New single from Russia with love

A singer who found fame on a TV talent search is continuing to move into the world of dance music thanks to a collaboration with a group of Russian artists.

Friday, 20th May 2016, 3:51 pm
Updated Friday, 20th May 2016, 4:56 pm
David Julien. Photo: Avery Cunliffe

Former contestant on BBC show The Voice David Julien is a featured artist on new single Nobody But You, the follow-up to last year’s You Dancing.

The two singles are both the product of an association with Russian group WildOnes, with David, who is originally from Tyldesley, contributing the melodic lines and vocals to the music penned by his colleagues.

Nobody But You sees David continuing to move away from the music which has previously made his name in favour of a floor-filling European dance sound and the Leigh-based musician says he is relishing the new challenge.

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David, 27, said: “Thew new one is very European, it has Ibiza and Amsterdam influences. It’s a bit out of the blue from what you would expect but it’s fun to try something different.

“It also turns out my voice suits that style of music, it fits over the beats and drops really well.

“It has been a massive learning curve because my influences are in rock ‘n’ roll, blues and genres like that, although the first band I was crazy about was Del Amitri.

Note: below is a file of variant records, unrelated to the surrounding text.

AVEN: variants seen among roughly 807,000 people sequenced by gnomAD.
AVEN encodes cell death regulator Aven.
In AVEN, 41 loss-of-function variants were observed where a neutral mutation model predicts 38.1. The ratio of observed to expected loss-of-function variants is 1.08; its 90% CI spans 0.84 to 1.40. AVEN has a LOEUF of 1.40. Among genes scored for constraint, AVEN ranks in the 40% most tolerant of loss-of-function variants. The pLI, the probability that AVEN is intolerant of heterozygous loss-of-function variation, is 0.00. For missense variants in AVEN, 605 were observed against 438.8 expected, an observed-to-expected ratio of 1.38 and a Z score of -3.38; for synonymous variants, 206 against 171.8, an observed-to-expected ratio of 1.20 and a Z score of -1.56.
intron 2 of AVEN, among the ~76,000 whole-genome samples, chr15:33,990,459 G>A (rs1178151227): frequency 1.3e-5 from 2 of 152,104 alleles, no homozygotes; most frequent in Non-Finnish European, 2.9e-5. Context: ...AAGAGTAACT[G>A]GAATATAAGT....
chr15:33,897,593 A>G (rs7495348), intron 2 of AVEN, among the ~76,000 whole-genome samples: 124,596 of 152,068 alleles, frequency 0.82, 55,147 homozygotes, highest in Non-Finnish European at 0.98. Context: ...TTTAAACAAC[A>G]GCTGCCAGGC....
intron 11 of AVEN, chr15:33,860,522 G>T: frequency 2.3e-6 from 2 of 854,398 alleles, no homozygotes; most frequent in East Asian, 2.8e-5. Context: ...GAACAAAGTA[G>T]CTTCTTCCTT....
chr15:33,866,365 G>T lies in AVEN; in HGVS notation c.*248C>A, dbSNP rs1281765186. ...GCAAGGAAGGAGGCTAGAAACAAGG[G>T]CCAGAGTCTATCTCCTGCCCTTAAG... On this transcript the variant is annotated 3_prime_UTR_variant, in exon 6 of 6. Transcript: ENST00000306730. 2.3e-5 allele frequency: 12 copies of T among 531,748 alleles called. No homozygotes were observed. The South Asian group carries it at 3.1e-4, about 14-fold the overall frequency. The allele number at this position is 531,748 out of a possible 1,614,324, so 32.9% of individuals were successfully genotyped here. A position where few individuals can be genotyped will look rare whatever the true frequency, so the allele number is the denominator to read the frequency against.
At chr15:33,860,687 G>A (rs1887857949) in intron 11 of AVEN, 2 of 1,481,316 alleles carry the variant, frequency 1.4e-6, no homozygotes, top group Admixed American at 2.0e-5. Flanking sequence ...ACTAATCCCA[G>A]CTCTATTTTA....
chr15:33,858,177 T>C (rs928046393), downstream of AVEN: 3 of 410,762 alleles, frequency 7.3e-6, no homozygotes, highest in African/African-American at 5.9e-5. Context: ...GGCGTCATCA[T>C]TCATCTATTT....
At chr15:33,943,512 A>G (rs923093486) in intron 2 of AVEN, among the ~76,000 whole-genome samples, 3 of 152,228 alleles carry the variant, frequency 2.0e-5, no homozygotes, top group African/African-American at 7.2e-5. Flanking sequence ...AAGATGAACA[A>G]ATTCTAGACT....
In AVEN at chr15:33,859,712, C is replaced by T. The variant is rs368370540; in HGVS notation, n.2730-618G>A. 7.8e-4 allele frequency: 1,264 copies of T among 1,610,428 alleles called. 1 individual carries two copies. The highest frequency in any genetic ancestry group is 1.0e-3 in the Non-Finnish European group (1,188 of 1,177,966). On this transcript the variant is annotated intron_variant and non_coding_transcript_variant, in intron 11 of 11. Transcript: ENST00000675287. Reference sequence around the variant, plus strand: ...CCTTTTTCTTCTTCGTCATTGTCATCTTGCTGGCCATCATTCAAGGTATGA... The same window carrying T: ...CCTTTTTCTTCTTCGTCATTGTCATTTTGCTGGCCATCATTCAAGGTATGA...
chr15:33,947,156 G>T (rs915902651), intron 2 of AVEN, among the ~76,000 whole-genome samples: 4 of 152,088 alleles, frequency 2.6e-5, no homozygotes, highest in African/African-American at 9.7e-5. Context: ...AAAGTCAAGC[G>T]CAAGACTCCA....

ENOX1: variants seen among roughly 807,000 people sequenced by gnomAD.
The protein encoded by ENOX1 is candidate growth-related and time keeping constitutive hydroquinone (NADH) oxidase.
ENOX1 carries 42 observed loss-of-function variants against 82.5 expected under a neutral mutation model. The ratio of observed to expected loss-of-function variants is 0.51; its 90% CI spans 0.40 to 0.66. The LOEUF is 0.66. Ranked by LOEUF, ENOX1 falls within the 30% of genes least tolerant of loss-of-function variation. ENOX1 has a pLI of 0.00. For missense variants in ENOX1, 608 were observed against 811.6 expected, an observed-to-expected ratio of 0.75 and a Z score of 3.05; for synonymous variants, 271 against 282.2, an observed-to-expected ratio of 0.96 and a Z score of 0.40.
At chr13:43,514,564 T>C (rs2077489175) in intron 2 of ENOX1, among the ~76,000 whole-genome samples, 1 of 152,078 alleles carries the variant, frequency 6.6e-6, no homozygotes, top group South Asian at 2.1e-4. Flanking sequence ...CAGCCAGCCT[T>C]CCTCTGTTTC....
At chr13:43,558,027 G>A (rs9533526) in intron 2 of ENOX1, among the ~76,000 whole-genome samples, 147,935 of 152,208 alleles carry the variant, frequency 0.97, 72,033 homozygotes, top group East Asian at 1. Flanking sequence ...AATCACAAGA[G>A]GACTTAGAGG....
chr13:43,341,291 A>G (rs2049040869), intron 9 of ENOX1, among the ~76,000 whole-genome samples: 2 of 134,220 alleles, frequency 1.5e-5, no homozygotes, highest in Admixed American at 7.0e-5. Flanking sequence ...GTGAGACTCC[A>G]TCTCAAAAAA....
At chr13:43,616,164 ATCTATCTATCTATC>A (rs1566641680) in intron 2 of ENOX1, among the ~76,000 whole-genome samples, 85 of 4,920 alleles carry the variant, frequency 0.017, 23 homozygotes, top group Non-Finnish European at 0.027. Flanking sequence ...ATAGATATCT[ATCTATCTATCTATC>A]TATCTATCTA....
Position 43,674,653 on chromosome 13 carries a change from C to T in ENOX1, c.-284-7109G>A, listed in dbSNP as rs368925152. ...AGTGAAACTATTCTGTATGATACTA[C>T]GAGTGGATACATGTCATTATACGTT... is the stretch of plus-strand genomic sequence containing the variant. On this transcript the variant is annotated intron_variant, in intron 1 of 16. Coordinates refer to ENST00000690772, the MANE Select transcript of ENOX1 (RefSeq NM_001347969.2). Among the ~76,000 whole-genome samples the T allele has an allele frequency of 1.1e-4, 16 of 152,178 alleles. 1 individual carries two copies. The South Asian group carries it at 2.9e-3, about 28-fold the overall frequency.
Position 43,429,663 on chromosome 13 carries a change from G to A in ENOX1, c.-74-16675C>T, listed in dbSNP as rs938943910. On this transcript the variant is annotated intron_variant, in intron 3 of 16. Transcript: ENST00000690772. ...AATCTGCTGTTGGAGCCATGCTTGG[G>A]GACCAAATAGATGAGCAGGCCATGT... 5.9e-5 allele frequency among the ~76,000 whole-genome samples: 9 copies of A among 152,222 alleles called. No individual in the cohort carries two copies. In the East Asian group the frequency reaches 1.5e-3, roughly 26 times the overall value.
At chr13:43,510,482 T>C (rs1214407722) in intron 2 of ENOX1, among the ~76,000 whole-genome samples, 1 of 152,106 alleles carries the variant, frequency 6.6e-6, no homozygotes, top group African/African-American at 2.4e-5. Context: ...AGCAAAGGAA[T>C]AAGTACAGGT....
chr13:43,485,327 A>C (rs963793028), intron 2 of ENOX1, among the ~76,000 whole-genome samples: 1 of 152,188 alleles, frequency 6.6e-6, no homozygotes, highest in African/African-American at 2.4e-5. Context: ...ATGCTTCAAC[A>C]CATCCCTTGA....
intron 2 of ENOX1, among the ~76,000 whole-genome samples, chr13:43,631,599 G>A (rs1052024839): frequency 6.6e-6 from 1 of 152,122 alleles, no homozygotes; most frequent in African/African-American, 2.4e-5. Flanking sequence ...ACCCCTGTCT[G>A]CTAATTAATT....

“My manager is also helping WildOnes out a bit. The tracks aren’t quite radio friendly yet, it’s a little bit more underground, but they’ve a following in Russia and on the dance scene.”

David will feature on one more single by Wild Ones and is waiting for the music to be sent to the UK.

He is increasingly focusing on writing melodies and lyrics for other songwriters alongside developing his own material and has contributed to songs by artists from as far afield as Portugal and Spain.

He says the experience brings home the scale of the challenges trying to break into the music business.

He said: “There are so many top line writers out there. Some songs come through are really good, just as high quality as the stuff you hear on the radio, but it just doesn’t get picked up.

“If people send a demo you’ve got more freedom to change the structure but if it’s radio ready you have to work with what’s there and create something catchy.”

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